Progression is paced fairly well. You’ll almost never be forced to backtrack in the game as it’s constant progression until late-game, when you return to the town of Wendel. However, you may get lost without proper direction. NPCs will give you a general direction of where to head next. However, some instructions, like “Eight and Palm Trees” or “crystal will make the tower appear,” are quite vague. Without a guide, this will lead to serious trial-and-error. Likewise, without a guide, you may end up using more keys than needed to clear a dungeon.
System limitations means you can only map one weapon and one item at a time. You’ll enter the menu many times to unequip and re-equip weapons and magic when needed. It pays to play patiently while exploring through the game.
Finally, enemy animation is quite limited and doesn’t go well with the game’s limited hit-detection, either. Enemies have a slow, stuttering animation when approaching or attacking. This perhaps contributes to them being easy to defeat. Also, some of them may attack from farther away than their animation hitboxes indicate. That is to say, keep your distance and whack away to play it safe. Link’s Awakening proves to be an example of hit detection and enemy animations functioning well.
Final Fantasy Adventure proves to be an ambitious first outing for the Mana series. Besides Ys, it was the Japanese Action/RPG series that set the groundwork for Zelda-like gameplay with JRPG mechanics. Featuring dungeons, towns, weapons, magic, and a story that revolves around the Tree of Mana, it set the foundation for the SNES titles, Secret of Mana and Trials of Mana, known in Japan as Seiken Densetsu 3.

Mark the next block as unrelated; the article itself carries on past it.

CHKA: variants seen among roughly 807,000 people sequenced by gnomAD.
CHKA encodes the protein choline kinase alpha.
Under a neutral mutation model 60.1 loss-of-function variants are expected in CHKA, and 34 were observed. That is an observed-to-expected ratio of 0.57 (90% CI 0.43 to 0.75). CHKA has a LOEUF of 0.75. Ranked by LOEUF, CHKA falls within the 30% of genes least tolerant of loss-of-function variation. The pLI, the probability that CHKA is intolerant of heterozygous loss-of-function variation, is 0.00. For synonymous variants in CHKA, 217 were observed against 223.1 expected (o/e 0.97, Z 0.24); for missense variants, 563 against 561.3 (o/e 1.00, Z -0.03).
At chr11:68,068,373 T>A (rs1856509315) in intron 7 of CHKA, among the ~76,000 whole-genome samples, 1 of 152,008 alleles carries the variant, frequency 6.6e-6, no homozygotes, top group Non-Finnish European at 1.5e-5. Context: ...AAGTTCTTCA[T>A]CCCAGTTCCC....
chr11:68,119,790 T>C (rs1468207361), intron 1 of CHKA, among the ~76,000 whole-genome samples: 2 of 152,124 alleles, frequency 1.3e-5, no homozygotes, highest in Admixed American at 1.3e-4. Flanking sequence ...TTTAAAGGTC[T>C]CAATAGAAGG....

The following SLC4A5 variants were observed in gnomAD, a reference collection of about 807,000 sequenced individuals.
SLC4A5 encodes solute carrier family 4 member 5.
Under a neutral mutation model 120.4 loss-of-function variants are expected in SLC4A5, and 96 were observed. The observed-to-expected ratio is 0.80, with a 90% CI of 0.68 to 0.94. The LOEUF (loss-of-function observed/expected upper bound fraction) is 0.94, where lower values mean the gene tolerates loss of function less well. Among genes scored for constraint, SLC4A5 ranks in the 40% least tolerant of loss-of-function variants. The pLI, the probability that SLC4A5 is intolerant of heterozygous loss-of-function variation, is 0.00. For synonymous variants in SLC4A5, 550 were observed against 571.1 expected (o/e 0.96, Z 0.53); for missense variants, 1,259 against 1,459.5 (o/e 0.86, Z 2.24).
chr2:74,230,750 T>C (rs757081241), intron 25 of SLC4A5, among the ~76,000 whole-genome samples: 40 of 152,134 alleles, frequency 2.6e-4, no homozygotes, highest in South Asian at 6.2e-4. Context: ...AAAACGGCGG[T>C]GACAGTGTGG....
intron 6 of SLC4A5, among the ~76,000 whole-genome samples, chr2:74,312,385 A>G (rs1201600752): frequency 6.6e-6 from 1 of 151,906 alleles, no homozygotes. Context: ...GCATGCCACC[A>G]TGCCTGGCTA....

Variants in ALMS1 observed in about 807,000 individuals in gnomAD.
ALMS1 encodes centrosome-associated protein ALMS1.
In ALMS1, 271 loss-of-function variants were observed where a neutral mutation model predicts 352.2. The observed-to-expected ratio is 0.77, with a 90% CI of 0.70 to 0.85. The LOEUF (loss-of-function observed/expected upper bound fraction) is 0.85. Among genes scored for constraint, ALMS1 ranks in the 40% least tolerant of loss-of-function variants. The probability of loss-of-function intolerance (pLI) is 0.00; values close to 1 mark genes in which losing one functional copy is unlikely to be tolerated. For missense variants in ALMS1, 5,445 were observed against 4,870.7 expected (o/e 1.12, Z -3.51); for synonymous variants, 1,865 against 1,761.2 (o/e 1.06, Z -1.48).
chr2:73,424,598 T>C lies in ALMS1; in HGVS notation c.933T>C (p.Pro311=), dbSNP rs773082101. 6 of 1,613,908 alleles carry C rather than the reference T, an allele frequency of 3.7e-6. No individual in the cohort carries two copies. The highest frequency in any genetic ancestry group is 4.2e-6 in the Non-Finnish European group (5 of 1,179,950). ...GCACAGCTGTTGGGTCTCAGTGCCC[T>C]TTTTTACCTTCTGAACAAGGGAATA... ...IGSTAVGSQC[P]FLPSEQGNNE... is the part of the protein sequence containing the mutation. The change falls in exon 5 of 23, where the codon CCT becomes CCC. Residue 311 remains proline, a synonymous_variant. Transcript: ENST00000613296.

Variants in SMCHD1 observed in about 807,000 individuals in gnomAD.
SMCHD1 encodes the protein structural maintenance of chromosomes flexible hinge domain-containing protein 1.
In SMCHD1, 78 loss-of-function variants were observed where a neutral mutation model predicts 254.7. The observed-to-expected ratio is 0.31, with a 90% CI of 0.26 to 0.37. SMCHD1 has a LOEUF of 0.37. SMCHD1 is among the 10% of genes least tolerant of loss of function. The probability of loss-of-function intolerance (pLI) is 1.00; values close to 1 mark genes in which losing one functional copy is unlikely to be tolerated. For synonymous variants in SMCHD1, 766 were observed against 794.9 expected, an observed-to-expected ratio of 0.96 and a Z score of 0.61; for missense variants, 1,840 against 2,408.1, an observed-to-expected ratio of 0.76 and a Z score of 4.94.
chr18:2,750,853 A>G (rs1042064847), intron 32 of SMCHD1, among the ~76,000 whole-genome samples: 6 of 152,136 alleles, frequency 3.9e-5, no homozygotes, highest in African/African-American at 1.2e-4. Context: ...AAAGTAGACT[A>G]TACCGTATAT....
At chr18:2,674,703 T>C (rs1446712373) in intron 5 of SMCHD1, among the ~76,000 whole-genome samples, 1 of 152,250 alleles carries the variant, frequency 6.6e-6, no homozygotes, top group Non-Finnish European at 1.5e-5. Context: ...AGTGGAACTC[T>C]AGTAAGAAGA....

Despite the named flaws in Final Fantasy Adventure, they are easily manageable with a guide. The lack of padding alone showcases the amount of polish the title received. In addition, even without the Quick Save option added in the Switch title, you can save anywhere, anytime.
You might like: ELON MUSK WANTS MORE NSFW GAMES
This game features plot twists and turns ahead of its time. Having released it in the same year as the hit JRPG, Final Fantasy IV, 1991 was the year Square showed its muscle in JRPG storytelling. If you’re a fan of Zelda titles and want to play something akin to Link’s Awakening, Final Fantasy Adventure is a very good title. It belies its age as it shows that Square-Enix chose to release this game over its two remakes in The Mana Collection.
With three games, I find The Mana Collection for Switch to be worth it. But if you acquire Final Fantasy Adventure on its own, do enjoy the game. It takes roughly 20 hours to complete but you may certainly enjoy the game!
- Combat and magic give plenty of options to the player
- Nice soundtrack
- Storytelling ahead of its time
- Required use of Keys and Mattocks
- Labyrinths are needlessly long
- Hit detection could be better